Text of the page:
Struggling after Harvey, Texas schools plead for relief from state


School districts affected by Harvey have reported millions of dollars in damage.

The Texas Education Agency expects $1.6 billion in Harvey-related costs.

Officials from more than a dozen school districts devastated by Hurricane Harvey pleaded with state lawmakers on Thursday for some relief as the districts slowly recover.

Among the most common requests made to the Texas House Public Education Committee was for more money in anticipation of tax revenue loss; more money to help educate an increasing number of children without permanent homes; and more pressure on the federal government to remove barriers to obtaining federal disaster money and to provide continued funding for free lunches for all students.

“Our families are ready to be back and our community has said whatever you have to do … get your schools open,” said Sharon McKinney, superintendent of the Port Aransas school district, which has a $6.7 million annual budget but experienced $10 million to $12 million in damage. “It really will be the first step and the most important step to our recovery as a community.”

READ: In South Texas, students await return to hurricane-ravaged schools

Port Aransas and Aransas Pass school districts are the only two school districts left in the state that haven’t reopened since Hurricane Harvey hit the Texas Gulf Coast. Students will return to school in those districts on Monday.

Texas education Commissioner Mike Morath said on Thursday education will be among the biggest Harvey-related costs to the state. The Texas Education Agency estimates spending an additional $1.6 billion over the next two years.

Because school districts are funded based on student enrollment, about $400 million of Harvey costs will go toward keeping revenue the same for school districts who lose students due to the storm.

School districts who gained students due the storm also will receive additional money but that’s already accounted for in the budget.

The state also likely will miss $974 million in foregone recapture payments from property-wealthy districts such as Port Aransas and Aransas County. Property-wealthy school districts typically make recapture payments to the state to help support property-poor school districts. However, state law permits school districts affected by natural disasters to deduct from recapture payments the amount of money spent on disaster recovery not covered by insurance or the Federal Emergency Management Agency.

TEA also is expected to spend an additional $266 million over the next two years to help school districts educate more students who have become low-income because of the storm.

School district officials on Thursday urged TEA to push the federal government to continue free lunches for students in school districts affected by the hurricane through the end of the semester if not longer.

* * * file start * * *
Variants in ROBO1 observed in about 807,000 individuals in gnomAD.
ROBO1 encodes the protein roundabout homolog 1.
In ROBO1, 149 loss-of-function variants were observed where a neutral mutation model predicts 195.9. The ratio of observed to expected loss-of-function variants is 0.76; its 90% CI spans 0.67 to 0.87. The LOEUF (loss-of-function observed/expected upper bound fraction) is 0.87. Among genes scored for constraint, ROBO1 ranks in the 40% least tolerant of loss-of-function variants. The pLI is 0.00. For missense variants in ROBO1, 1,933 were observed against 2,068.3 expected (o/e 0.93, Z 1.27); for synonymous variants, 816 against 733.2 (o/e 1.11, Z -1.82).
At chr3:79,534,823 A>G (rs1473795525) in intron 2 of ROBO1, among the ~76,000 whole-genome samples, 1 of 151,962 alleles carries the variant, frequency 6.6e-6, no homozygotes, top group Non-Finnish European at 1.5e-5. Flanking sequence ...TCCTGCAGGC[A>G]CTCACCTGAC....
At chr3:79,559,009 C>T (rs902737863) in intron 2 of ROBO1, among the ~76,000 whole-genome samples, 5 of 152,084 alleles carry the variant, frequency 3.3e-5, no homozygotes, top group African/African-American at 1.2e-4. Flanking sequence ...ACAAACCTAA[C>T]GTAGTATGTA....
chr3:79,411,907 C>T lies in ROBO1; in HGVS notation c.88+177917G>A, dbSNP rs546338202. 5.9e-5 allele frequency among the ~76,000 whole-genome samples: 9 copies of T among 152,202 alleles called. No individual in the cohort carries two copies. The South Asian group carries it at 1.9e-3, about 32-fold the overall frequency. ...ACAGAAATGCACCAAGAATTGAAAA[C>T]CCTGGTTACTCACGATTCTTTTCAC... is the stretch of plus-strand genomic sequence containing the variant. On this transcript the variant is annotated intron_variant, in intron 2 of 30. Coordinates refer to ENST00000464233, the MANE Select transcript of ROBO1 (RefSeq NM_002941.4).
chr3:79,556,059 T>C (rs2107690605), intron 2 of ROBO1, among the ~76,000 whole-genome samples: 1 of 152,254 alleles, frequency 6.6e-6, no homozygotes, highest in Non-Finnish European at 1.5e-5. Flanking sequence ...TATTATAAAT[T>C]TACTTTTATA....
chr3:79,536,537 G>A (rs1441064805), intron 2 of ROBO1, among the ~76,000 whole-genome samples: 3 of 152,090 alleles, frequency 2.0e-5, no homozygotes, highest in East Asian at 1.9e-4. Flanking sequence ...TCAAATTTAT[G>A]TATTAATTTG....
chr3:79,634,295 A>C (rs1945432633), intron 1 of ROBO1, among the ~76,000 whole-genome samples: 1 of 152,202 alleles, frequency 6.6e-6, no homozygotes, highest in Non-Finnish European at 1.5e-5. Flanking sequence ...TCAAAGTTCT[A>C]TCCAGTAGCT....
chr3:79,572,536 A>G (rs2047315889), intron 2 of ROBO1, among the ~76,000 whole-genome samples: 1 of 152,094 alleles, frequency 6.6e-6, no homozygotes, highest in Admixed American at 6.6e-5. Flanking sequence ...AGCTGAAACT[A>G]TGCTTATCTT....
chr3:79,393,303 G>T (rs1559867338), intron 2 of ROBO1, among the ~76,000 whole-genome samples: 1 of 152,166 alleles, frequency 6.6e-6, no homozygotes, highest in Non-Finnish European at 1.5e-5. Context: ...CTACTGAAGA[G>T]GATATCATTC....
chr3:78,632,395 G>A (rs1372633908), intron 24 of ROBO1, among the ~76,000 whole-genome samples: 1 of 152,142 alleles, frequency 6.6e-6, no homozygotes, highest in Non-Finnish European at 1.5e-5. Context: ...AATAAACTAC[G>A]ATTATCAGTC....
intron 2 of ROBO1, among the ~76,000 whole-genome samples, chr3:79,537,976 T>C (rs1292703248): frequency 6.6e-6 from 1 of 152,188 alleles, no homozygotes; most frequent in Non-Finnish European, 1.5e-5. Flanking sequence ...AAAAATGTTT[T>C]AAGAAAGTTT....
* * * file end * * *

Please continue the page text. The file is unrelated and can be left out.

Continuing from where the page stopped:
“That has been the best thing that’s ever happened to us — to be able to not have to tell a kid or tell a parent, ‘Hey, you’re behind in your lunch payments,’ when they’re just happy they have enough clothes to be able to wear,” said Troy Mircovich, superintendent of the Ingleside school district.

Reader Comments ...

Next Up in Texas News & Politics

JUST IN: SWAT team responding to barricaded person in North Austin, police say
JUST IN: SWAT team responding to barricaded person in North Austin, police say

A person is barricaded at a location in North Austin and an Austin police SWAT team is responding, officials said Monday night. Police reported the incident at the 600 block of Barwood Park about 11:20 p.m. Police are urging people to avoid the area. This is a developing story; check back for details.
Man shot, seriously injured on Manor Road
Man shot, seriously injured on Manor Road

A man was shot and seriously injured on Manor Road on Monday night, Austin-Travis County EMS officials said. Medics responded to Manor Road and Rogge Lane at 8:34 p.m. and found a man, estimated to be in his 20s, with a gunshot wound, EMS officials said. He was taken to Dell Seton Medical Center with serious, potentially life-threatening injuries,...
Austin bombings: Latest explosion has experts tweaking bomber profile
Austin bombings: Latest explosion has experts tweaking bomber profile

Law enforcement and others seeking clues into the mind of what now appears to be a serial bomber say the latest explosive incident on Sunday night, the city’s fourth over 17 days, provided more trail crumbs than definitive signposts pointing toward a potential suspect. Austin interim Police Chief Brian Manley has said preliminary indications...
UT Faculty Council objects to removal of books in Fine Arts Library
UT Faculty Council objects to removal of books in Fine Arts Library

Amid student and faculty protests against any consideration of plans to take more books and materials from the University of Texas’ Fine Arts Library, the UT Faculty Council on Monday unanimously adopted a resolution objecting to further removal. In an unusually packed faculty council meeting with more than 200 in attendance, various faculty...
4th Austin bomb more sophisticated than others, leaves city on edge
4th Austin bomb more sophisticated than others, leaves city on edge

The suspected serial bomber terrorizing Austin is more sophisticated than originally believed, but the motive behind the attacks remains a mystery, officials said Monday after a Sunday night explosion that wounded two men in Southwest Austin. The latest incident, the fourth attack in 17 days, signaled to law enforcement that the bomber or bombers have...
More Stories